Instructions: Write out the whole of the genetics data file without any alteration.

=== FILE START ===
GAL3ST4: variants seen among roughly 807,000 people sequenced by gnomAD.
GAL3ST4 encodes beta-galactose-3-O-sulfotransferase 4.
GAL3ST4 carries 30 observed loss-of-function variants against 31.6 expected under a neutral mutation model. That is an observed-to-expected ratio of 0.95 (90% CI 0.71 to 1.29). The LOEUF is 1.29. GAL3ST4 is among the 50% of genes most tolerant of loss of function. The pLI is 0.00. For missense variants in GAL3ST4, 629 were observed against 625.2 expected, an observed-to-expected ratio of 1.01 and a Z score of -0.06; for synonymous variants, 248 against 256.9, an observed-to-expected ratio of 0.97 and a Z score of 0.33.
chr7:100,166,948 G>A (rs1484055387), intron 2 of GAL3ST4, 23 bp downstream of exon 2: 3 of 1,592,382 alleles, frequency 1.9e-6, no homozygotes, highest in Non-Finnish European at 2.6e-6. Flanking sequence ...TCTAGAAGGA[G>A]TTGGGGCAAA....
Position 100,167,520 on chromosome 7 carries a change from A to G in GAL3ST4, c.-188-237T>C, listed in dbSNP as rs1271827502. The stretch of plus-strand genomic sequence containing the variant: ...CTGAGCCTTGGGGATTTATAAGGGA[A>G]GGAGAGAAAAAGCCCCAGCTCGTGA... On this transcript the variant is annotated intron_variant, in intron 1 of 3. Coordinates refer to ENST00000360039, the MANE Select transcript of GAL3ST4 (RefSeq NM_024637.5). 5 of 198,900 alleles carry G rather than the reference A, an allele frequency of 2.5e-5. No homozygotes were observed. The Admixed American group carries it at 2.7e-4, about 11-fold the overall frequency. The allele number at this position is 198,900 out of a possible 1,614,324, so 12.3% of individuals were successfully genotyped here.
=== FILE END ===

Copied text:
GAL3ST4: variants seen among roughly 807,000 people sequenced by gnomAD.
GAL3ST4 encodes beta-galactose-3-O-sulfotransferase 4.
GAL3ST4 carries 30 observed loss-of-function variants against 31.6 expected under a neutral mutation model. That is an observed-to-expected ratio of 0.95 (90% CI 0.71 to 1.29). The LOEUF is 1.29. GAL3ST4 is among the 50% of genes most tolerant of loss of function. The pLI is 0.00. For missense variants in GAL3ST4, 629 were observed against 625.2 expected, an observed-to-expected ratio of 1.01 and a Z score of -0.06; for synonymous variants, 248 against 256.9, an observed-to-expected ratio of 0.97 and a Z score of 0.33.
chr7:100,166,948 G>A (rs1484055387), intron 2 of GAL3ST4, 23 bp downstream of exon 2: 3 of 1,592,382 alleles, frequency 1.9e-6, no homozygotes, highest in Non-Finnish European at 2.6e-6. Flanking sequence ...TCTAGAAGGA[G>A]TTGGGGCAAA....
Position 100,167,520 on chromosome 7 carries a change from A to G in GAL3ST4, c.-188-237T>C, listed in dbSNP as rs1271827502. The stretch of plus-strand genomic sequence containing the variant: ...CTGAGCCTTGGGGATTTATAAGGGA[A>G]GGAGAGAAAAAGCCCCAGCTCGTGA... On this transcript the variant is annotated intron_variant, in intron 1 of 3. Coordinates refer to ENST00000360039, the MANE Select transcript of GAL3ST4 (RefSeq NM_024637.5). 5 of 198,900 alleles carry G rather than the reference A, an allele frequency of 2.5e-5. No homozygotes were observed. The Admixed American group carries it at 2.7e-4, about 11-fold the overall frequency. The allele number at this position is 198,900 out of a possible 1,614,324, so 12.3% of individuals were successfully genotyped here.